Cardiac arrest, defined as the sudden cessation of cardiac activity with hemodynamic collapse, is the principal cause of death for patients with coronary artery disease (CAD) . Survival after cardiac arrest is dependent upon recognition of the arrest, activation of the emergency response system, prompt initiation of bystander-performed chest compressions, early defibrillation and access to advanced life support and post-cardiac-arrest care (the “chain of survival”) [1, 2, 3, 4]. The incidence of bystander cardiopulmonary resuscitation (CPR) depends on recognition of the event, training level, and the willingness of a layperson responder to participate when a cardiac arrest occurs [3, 4]. “Willingness” to perform CPR reflects not only training, but also personal experiences, level of education, local cultures and norms, and attitudes, fears and beliefs regarding the risks and benefits of performing CPR on a stranger [5, 6, 7].
Costa Rica is a middle-income country in Central America, where the leading cause of death is CAD (16.4% in 2015) . The Grand Metropolitan Area (GMA) of Costa Rica, a high-population density area surrounding the capital, San José, includes 50 percent of the Costa Rican population. The GMA has a robust Emergency Medical Services (EMS) prehospital and hospital system capable of managing cardiac arrest patients with Advanced Life Support; however, bystander CPR is rarely performed . In a 2014 study of laypersons in San José, we found a high level of interest in taking CPR classes (55%) and a willingness to perform CPR in the event of a cardiac arrest (74%) . A separate study of San José emergency physicians demonstrated that the vast majority (97%) believe that layperson CPR training would improve morbidity and mortality from out of hospital cardiac arrest (OHCA) under the current San José EMS system .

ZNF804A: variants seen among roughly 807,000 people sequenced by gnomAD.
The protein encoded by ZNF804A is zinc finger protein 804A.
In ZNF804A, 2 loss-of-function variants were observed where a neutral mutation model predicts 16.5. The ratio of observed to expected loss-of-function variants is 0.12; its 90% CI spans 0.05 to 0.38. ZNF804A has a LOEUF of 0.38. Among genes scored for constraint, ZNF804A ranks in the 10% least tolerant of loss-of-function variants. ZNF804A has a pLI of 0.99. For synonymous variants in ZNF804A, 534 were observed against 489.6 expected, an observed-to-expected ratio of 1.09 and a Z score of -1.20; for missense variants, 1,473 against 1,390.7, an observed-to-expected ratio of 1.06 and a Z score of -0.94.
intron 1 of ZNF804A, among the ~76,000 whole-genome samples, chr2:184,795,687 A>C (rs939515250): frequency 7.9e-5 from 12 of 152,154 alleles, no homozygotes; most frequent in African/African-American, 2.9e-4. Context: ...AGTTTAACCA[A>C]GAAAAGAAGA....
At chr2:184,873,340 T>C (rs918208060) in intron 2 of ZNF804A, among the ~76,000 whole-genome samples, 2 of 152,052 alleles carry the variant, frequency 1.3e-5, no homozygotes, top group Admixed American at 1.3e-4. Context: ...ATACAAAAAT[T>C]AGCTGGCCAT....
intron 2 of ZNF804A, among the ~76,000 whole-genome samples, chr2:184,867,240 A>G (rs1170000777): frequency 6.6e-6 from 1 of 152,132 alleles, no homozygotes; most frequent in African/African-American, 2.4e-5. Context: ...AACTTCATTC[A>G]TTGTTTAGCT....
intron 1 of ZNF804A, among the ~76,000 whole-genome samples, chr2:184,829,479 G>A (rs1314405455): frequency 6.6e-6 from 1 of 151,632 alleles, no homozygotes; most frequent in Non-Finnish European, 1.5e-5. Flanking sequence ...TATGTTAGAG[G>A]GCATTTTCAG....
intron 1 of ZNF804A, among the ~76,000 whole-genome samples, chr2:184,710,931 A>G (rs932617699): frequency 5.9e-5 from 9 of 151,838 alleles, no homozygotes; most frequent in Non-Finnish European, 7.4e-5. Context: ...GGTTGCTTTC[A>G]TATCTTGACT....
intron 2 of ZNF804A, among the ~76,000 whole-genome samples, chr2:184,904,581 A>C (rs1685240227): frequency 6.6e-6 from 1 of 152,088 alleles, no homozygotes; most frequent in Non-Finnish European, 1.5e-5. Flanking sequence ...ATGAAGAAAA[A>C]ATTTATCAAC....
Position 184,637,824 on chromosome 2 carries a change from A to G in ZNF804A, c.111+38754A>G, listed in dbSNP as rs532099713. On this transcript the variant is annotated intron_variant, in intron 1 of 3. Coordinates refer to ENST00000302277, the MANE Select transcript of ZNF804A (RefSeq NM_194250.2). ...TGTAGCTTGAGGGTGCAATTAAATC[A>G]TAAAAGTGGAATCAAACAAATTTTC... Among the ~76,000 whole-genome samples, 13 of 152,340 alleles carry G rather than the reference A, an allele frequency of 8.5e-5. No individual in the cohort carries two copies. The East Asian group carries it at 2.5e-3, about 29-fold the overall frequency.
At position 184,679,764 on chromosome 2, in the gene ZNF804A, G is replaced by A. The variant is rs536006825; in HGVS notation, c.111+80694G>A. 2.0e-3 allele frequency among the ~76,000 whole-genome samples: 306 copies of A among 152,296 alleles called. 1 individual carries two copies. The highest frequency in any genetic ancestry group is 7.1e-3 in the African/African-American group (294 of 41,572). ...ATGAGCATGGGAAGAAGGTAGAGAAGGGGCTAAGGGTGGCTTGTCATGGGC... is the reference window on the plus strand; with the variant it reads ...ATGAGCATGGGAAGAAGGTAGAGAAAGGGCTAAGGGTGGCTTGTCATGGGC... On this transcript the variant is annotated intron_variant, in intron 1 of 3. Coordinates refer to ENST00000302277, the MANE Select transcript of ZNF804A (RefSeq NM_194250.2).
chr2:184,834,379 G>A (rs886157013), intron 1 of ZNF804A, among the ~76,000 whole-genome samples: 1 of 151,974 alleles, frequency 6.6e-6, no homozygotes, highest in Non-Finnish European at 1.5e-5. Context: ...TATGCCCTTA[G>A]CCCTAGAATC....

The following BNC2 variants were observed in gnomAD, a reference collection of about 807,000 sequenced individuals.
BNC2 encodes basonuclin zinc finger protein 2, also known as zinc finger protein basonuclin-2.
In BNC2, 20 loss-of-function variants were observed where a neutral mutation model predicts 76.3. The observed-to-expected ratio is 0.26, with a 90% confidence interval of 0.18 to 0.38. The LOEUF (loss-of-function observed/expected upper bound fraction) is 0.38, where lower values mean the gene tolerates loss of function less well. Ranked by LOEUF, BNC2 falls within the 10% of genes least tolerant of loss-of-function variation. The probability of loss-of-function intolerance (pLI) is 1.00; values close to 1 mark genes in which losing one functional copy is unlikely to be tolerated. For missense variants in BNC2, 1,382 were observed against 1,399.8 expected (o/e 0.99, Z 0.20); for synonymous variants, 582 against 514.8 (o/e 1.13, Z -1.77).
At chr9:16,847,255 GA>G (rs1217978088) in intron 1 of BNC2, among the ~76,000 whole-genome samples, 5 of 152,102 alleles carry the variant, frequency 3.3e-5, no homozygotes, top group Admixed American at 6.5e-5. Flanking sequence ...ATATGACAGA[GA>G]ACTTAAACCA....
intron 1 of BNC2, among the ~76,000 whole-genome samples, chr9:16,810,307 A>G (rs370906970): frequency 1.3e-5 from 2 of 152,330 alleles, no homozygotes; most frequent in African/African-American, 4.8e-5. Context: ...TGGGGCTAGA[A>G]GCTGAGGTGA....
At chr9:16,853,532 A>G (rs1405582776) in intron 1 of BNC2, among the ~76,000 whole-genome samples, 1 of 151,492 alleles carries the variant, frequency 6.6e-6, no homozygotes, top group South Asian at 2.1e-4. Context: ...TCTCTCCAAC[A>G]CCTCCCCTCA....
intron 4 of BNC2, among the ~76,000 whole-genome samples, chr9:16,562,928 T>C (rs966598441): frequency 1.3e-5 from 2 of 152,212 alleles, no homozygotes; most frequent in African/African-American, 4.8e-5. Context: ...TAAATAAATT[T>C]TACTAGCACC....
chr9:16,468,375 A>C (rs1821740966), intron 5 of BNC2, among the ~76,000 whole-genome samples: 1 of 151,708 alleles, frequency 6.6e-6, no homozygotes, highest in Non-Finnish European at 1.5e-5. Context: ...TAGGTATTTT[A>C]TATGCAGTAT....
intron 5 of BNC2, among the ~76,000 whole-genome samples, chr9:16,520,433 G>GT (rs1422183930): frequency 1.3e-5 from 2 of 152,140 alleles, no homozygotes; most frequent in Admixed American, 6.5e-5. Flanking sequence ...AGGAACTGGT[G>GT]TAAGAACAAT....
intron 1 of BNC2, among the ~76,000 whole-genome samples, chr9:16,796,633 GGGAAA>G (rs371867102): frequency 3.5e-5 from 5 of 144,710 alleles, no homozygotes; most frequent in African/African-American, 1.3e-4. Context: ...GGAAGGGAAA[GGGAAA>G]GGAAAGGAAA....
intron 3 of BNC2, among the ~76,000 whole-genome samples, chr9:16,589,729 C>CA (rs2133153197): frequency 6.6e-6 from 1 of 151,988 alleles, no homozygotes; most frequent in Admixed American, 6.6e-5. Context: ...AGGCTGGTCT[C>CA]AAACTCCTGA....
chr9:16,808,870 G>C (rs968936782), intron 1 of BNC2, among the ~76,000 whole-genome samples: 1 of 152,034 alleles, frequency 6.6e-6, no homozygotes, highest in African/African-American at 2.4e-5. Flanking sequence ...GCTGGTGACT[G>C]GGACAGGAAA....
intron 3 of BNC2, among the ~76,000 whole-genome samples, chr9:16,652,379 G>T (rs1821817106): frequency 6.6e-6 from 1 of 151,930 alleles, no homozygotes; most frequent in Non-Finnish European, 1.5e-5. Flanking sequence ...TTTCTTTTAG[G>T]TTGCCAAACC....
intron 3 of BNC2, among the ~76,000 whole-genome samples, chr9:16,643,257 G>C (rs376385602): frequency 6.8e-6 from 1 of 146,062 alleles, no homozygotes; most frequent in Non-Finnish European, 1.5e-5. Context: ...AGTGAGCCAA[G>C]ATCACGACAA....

Our earlier study of laypersons in San José, Costa Rica found that while interest in taking CPR classes and willingness to perform CPR are high, they are not universal. Barriers exist, such as a lack of confidence in the effectiveness of CPR; there are also practical barriers to taking CPR classes, such as affordability, accessibility and lack of personnel trained to give CPR classes. Other significant barriers to registering for CPR classes or expressing willingness to perform CPR on a stranger include the fear of legal consequences and hesitancy to perform mouth-to-mouth ventilations . Many of these barriers have also been identified in low-income and Latino neighborhoods in the United States [5, 6].